The conformance levels of WCAG: A, AA, AAA explained
Not everyone has the needs or resources to meet all of the guidelines (and that’s okay). In fact, some sites aren’t capable of meeting all requirements due to the purpose of the site. For example, an academic site may need to time tests given to students, which is in direct violation of Guideline 1.2 (timed material needs to have an alternative option or the ability to pause). To know if you can meet certain accessibility guidelines, we recommend consulting your client, leader, and a legal team.
There are different conformance levels of WCAG: A, AA, and AAA. Generally, A (lowest level) is not enough to meet legal conformance, AA *might* be enough to meet legal conformance, and AAA is *usually* enough to cover legal conformance.
~ One last casual reminder that none of this is legal advice and should not be treated as thus. Consult your legal teams, people! Got it? Good. Onward! ~
Another way to think of the levels is that A includes things you MUST be doing, AA includes things you SHOULD be doing, and AAA includes things you MIGHT be able to do (and if you can, you should). How do you know if you should try to meet AAA? Look at your users. Does a significant portion of your users have a disability? If you’re a screen reader company, nursing home, or university, for example, chances are the answer is “yes, you should be hitting on most AAA requirements.”
Ultimately though, whatever business you’re in or users you serve, it’s ethically responsible to try to meet as many guidelines as you can.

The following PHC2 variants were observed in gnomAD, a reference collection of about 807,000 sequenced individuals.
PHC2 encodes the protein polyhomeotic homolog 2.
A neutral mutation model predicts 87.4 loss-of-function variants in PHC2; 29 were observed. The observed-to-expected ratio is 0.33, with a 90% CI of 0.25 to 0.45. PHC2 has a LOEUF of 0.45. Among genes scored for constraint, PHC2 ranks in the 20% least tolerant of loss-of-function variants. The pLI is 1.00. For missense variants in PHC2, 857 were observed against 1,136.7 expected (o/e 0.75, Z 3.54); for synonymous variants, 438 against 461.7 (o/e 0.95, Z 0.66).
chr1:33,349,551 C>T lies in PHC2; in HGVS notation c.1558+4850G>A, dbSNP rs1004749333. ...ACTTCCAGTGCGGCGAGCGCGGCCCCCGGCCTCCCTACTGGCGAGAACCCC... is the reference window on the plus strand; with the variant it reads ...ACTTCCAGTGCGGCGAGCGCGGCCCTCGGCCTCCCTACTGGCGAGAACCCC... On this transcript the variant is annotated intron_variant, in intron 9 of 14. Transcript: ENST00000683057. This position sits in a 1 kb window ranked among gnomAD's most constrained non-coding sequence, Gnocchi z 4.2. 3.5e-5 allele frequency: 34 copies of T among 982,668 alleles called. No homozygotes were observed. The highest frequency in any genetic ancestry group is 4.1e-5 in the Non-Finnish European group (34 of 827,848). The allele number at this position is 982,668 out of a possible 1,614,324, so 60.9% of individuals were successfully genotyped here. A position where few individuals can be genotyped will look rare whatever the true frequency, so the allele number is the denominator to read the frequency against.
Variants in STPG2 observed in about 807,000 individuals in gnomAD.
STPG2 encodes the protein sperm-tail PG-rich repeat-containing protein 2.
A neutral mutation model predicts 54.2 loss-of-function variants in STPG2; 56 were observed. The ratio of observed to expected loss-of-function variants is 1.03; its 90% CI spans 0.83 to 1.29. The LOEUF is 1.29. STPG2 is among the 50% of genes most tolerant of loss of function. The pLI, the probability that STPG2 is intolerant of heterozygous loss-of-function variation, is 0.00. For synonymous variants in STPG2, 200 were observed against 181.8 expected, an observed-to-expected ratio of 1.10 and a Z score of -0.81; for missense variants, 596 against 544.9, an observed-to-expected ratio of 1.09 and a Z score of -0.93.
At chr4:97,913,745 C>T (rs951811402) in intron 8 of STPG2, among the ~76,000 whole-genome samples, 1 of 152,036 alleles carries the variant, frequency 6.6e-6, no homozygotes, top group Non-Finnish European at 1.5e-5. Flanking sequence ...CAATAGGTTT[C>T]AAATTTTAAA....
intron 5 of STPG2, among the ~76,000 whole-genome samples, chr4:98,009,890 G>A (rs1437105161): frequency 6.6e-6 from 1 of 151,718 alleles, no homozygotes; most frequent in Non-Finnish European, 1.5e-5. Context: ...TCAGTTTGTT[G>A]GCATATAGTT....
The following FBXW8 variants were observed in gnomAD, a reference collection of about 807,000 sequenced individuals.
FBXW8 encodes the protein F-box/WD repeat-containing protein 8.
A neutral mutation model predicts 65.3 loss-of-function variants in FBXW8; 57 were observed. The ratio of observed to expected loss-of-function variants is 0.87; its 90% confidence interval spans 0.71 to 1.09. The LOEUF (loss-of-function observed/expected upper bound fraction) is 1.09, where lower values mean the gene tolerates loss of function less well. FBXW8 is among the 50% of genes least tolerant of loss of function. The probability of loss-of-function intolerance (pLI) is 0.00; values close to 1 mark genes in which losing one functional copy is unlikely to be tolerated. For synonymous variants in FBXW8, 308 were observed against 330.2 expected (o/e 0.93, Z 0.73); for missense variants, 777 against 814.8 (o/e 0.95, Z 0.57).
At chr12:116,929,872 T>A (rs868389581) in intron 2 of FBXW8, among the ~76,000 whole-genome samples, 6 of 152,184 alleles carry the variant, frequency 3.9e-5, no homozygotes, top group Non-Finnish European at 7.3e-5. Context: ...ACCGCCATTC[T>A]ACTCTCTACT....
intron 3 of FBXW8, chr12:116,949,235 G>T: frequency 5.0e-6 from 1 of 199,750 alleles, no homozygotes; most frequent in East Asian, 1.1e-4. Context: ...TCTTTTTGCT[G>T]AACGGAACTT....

ACCESSIBILITY ADVICE BY ROLE.
Q: Who on your team is responsible for accessibility?
As we’ve already discussed in another Clique article, accessibility is not just a client-side problem. Leaders, content strategists, UX designers, visual designers, front and back end developers, project managers, and clients all contribute to building accessible stuff.
“Management is doing things right. Leadership is doing the right things.” — Peter Drucker. Accessibility is the right thing to do.
Although it might not be earth-shattering advice, leaders need to lead by example. Leaders need to make accessibility a priority. Incorporate it into the workflow and education practices for your team. Write it into the budget. Talk about it. If you make web accessibility a priority, your team will follow.
Here’s some quick tips to help you start considering web accessibility.
- Frame accessibility as a challenge, not a burden
- Know who on your team is responsible for different WCAG requirements and what should be happening at each level of the process
- Train and educate your employees on web accessibility
- Build a diverse and inclusive team and culture
- Start now
Content strategy and creation play HUGE roles in web accessibility initiatives. The content team must create content that is readable, available, and comprehensible for people with disabilities. The simpler the experience, the better for everyone.
Now, the specifics:
1) Use clear language, especially in call-to-actions.